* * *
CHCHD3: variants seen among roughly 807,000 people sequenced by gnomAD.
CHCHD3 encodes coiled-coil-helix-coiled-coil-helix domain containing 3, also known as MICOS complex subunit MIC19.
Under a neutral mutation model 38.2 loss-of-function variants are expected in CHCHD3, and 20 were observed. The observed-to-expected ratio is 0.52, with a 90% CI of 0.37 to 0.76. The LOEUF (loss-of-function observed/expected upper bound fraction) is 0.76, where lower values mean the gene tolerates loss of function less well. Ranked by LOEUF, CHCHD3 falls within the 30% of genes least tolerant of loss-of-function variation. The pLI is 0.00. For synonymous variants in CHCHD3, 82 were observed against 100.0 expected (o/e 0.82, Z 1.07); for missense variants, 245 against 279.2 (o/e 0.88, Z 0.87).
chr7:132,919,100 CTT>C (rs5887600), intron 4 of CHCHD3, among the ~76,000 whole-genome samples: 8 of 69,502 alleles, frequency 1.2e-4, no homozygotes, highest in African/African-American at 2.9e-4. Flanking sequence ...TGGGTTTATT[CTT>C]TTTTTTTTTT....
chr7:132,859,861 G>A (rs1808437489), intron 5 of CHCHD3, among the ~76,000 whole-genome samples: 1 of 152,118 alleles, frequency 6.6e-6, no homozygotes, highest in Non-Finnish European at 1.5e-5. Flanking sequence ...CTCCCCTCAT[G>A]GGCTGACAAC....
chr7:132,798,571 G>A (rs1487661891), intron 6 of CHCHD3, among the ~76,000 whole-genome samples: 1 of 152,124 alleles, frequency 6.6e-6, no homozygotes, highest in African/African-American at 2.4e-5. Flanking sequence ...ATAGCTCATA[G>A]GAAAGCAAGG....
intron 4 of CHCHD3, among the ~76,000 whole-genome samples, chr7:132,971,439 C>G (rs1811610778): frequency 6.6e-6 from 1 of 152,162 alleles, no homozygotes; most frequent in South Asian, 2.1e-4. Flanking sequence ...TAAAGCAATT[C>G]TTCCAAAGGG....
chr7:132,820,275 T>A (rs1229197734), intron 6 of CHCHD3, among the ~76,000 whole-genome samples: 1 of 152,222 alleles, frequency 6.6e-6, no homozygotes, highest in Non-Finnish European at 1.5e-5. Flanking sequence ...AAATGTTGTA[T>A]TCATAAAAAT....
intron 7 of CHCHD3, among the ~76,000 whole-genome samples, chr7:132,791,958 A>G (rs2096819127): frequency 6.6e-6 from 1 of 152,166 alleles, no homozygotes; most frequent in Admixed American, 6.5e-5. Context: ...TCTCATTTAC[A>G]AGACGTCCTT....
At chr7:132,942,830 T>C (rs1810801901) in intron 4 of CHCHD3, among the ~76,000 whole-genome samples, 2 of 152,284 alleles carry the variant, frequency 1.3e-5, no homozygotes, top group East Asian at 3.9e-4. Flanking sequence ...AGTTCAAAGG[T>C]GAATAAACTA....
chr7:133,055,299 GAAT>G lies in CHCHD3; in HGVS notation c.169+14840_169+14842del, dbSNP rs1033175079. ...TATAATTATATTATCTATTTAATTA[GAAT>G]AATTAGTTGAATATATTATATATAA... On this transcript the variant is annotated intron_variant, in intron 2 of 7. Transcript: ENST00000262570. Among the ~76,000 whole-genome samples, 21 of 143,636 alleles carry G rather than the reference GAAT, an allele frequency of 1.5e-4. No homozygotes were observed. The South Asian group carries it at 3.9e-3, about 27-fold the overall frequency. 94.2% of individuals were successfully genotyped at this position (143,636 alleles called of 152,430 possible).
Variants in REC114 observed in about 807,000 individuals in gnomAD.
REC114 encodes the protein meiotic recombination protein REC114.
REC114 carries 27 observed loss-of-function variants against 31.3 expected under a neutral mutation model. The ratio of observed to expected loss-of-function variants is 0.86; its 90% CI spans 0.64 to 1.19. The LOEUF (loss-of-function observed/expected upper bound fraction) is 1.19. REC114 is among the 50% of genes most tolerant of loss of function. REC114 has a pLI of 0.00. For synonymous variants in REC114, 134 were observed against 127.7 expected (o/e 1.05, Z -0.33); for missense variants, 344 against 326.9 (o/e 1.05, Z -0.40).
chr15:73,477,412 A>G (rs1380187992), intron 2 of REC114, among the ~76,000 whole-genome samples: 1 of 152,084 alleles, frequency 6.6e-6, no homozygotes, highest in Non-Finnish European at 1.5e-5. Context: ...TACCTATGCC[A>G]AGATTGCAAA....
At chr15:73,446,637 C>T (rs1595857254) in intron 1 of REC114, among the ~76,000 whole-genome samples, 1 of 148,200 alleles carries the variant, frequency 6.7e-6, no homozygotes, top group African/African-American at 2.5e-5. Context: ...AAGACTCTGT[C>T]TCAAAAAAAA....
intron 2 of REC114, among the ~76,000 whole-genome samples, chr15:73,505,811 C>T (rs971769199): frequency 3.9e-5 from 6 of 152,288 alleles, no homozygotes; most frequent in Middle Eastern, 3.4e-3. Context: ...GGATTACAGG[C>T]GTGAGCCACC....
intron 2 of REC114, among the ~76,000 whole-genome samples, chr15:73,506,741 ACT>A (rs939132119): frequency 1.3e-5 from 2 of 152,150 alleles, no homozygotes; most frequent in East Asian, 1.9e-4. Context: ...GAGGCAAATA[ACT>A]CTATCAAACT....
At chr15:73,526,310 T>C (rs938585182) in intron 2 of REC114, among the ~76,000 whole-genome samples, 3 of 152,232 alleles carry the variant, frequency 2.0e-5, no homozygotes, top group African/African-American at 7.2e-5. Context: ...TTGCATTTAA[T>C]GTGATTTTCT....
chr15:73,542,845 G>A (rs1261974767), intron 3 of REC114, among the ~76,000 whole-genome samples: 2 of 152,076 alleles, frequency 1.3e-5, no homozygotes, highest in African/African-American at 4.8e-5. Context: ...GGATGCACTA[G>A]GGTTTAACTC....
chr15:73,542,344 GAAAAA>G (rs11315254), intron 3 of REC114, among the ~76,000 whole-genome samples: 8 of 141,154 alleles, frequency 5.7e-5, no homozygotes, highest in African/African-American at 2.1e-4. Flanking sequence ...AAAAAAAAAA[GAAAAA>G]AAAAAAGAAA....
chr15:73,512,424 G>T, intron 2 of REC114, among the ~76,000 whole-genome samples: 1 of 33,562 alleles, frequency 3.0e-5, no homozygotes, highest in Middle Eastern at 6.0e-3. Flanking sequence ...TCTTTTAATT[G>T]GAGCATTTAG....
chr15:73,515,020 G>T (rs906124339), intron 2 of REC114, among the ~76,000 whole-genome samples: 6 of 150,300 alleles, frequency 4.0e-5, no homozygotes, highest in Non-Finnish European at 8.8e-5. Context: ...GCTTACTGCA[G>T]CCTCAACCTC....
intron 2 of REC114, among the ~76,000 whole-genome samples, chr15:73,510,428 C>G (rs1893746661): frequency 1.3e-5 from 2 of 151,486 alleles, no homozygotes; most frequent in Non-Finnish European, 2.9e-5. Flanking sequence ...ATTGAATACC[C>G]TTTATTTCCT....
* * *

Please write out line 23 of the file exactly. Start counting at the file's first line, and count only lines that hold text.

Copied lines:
chr15:73,515,020 G>T (rs906124339), intron 2 of REC114, among the ~76,000 whole-genome samples: 6 of 150,300 alleles, frequency 4.0e-5, no homozygotes, highest in Non-Finnish European at 8.8e-5. Context: ...GCTTACTGCA[G>T]CCTCAACCTC....